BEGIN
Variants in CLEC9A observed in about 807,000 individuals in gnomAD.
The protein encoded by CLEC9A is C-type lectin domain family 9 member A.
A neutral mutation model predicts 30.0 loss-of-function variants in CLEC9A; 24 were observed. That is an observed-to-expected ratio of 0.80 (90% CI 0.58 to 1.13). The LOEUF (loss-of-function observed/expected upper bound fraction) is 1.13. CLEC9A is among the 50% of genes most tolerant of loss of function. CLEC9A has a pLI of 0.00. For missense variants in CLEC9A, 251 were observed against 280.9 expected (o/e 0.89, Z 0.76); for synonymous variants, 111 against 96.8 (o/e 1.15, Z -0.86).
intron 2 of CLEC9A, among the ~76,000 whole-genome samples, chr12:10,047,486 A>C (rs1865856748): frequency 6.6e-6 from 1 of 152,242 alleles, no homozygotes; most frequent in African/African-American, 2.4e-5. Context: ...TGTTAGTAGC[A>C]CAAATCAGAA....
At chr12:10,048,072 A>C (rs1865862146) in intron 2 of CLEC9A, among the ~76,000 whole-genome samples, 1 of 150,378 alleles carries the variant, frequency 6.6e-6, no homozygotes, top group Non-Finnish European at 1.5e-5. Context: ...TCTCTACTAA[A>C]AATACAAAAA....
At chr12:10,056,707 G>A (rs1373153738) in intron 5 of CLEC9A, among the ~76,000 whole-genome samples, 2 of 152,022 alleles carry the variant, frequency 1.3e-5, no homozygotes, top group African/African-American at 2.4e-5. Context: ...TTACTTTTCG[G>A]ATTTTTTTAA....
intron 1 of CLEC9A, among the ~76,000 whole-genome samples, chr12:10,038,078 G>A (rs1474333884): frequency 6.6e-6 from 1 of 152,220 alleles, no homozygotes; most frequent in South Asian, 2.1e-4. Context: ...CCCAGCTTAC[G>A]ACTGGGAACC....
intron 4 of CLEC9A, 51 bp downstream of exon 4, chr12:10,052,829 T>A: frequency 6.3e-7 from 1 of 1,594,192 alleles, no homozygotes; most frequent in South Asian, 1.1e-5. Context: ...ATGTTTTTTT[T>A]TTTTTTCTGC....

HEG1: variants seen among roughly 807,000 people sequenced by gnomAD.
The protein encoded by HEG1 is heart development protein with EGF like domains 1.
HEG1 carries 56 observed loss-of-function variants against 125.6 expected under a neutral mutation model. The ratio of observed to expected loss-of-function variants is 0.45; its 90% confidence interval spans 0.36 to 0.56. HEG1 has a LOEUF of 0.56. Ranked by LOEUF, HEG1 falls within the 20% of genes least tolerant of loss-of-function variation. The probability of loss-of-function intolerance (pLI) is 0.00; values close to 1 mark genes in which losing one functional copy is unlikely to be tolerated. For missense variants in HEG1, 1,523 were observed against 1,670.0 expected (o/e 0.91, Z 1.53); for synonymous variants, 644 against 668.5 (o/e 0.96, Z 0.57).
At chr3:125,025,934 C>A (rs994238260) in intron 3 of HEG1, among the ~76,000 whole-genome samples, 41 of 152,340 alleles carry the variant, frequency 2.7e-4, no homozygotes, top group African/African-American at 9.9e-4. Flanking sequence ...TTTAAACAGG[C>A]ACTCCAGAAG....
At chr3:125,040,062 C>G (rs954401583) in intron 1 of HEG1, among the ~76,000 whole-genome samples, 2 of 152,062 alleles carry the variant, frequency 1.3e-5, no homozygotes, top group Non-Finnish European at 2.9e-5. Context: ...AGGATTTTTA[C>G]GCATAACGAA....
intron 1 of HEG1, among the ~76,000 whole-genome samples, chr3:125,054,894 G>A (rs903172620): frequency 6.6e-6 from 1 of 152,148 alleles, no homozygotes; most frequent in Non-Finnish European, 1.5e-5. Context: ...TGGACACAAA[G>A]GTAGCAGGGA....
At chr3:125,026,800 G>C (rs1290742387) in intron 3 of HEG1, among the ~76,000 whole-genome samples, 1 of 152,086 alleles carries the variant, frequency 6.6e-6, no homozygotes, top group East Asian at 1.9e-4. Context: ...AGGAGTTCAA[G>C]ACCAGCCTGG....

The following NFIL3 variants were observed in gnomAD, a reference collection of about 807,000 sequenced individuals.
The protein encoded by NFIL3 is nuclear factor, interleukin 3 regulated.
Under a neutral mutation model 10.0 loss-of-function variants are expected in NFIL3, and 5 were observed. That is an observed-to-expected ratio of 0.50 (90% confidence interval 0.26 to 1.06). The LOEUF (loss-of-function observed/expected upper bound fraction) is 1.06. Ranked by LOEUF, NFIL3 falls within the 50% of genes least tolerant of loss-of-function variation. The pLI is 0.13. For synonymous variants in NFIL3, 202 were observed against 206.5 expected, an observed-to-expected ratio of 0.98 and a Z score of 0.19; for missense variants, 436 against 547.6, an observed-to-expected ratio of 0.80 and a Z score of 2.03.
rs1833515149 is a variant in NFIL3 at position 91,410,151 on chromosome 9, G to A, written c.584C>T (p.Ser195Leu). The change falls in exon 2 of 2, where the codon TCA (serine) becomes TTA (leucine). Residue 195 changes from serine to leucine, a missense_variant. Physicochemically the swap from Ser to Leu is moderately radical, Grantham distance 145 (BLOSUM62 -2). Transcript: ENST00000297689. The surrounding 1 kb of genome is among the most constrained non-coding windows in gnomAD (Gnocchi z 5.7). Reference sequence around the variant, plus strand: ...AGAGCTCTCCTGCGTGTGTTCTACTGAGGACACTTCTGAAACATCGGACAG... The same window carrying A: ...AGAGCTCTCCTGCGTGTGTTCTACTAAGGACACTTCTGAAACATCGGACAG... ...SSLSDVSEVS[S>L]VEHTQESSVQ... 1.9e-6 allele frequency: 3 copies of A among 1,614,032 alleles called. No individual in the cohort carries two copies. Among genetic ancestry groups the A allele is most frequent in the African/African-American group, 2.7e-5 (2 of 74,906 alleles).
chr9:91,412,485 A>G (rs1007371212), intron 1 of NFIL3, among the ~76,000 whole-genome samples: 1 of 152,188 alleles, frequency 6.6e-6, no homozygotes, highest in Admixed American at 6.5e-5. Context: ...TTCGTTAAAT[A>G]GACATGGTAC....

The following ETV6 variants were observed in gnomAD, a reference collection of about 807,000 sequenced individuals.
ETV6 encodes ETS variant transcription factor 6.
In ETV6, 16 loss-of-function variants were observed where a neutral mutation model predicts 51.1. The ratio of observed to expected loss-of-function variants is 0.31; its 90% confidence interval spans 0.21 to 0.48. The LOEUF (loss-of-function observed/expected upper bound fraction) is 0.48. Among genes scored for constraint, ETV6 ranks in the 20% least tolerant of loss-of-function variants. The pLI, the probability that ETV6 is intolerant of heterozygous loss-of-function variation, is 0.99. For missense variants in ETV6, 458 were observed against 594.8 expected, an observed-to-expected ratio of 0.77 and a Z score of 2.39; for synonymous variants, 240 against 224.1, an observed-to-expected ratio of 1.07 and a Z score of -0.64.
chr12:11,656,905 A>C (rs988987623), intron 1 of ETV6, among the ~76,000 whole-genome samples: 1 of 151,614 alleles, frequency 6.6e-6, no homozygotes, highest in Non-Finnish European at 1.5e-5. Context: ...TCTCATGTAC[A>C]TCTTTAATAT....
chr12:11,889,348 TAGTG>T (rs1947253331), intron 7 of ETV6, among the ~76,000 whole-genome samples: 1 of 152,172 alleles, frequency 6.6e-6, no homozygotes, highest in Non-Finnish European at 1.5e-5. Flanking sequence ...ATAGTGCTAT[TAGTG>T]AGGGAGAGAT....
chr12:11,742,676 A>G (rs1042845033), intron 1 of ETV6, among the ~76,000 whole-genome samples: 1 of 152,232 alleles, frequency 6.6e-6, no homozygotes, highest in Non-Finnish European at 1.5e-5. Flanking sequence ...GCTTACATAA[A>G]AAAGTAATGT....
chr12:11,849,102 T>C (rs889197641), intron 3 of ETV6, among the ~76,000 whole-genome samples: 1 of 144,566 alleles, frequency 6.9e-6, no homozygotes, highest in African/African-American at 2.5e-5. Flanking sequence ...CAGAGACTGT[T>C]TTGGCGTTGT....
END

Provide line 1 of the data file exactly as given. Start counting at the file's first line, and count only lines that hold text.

Variants in CLEC9A observed in about 807,000 individuals in gnomAD.